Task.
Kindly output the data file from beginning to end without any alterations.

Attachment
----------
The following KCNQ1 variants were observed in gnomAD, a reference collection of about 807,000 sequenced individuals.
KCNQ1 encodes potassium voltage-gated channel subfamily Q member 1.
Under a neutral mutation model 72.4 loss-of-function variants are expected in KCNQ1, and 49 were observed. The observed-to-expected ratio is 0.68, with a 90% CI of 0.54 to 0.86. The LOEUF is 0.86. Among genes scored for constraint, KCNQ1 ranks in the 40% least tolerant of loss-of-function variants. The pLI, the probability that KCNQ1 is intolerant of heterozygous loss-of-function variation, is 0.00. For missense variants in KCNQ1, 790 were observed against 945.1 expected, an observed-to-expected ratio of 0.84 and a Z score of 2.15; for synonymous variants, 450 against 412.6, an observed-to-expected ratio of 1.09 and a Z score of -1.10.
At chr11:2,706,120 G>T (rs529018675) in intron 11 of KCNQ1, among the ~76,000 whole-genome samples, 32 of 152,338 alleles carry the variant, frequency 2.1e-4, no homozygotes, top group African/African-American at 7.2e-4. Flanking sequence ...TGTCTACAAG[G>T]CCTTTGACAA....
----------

The following KCNQ1 variants were observed in gnomAD, a reference collection of about 807,000 sequenced individuals.
KCNQ1 encodes potassium voltage-gated channel subfamily Q member 1.
Under a neutral mutation model 72.4 loss-of-function variants are expected in KCNQ1, and 49 were observed. The observed-to-expected ratio is 0.68, with a 90% CI of 0.54 to 0.86. The LOEUF is 0.86. Among genes scored for constraint, KCNQ1 ranks in the 40% least tolerant of loss-of-function variants. The pLI, the probability that KCNQ1 is intolerant of heterozygous loss-of-function variation, is 0.00. For missense variants in KCNQ1, 790 were observed against 945.1 expected, an observed-to-expected ratio of 0.84 and a Z score of 2.15; for synonymous variants, 450 against 412.6, an observed-to-expected ratio of 1.09 and a Z score of -1.10.
At chr11:2,706,120 G>T (rs529018675) in intron 11 of KCNQ1, among the ~76,000 whole-genome samples, 32 of 152,338 alleles carry the variant, frequency 2.1e-4, no homozygotes, top group African/African-American at 7.2e-4. Flanking sequence ...TGTCTACAAG[G>T]CCTTTGACAA....